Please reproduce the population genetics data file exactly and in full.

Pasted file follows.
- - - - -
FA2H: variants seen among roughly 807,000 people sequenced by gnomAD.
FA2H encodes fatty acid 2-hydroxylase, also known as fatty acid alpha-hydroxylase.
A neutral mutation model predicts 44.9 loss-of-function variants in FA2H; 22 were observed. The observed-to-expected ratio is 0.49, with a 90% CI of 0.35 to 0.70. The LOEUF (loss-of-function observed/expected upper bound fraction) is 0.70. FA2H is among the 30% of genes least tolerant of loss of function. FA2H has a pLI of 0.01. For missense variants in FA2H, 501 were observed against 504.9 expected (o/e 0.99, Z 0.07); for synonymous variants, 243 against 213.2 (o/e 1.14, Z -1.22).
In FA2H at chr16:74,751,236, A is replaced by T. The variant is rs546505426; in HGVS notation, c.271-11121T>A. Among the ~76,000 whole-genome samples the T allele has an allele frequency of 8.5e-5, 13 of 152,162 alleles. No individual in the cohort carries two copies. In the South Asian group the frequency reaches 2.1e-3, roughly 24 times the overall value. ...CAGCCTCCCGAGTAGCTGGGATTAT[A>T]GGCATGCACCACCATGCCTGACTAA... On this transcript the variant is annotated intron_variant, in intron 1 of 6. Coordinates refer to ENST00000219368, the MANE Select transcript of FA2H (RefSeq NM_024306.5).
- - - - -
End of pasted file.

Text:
FA2H: variants seen among roughly 807,000 people sequenced by gnomAD.
FA2H encodes fatty acid 2-hydroxylase, also known as fatty acid alpha-hydroxylase.
A neutral mutation model predicts 44.9 loss-of-function variants in FA2H; 22 were observed. The observed-to-expected ratio is 0.49, with a 90% CI of 0.35 to 0.70. The LOEUF (loss-of-function observed/expected upper bound fraction) is 0.70. FA2H is among the 30% of genes least tolerant of loss of function. FA2H has a pLI of 0.01. For missense variants in FA2H, 501 were observed against 504.9 expected (o/e 0.99, Z 0.07); for synonymous variants, 243 against 213.2 (o/e 1.14, Z -1.22).
In FA2H at chr16:74,751,236, A is replaced by T. The variant is rs546505426; in HGVS notation, c.271-11121T>A. Among the ~76,000 whole-genome samples the T allele has an allele frequency of 8.5e-5, 13 of 152,162 alleles. No individual in the cohort carries two copies. In the South Asian group the frequency reaches 2.1e-3, roughly 24 times the overall value. ...CAGCCTCCCGAGTAGCTGGGATTAT[A>T]GGCATGCACCACCATGCCTGACTAA... On this transcript the variant is annotated intron_variant, in intron 1 of 6. Coordinates refer to ENST00000219368, the MANE Select transcript of FA2H (RefSeq NM_024306.5).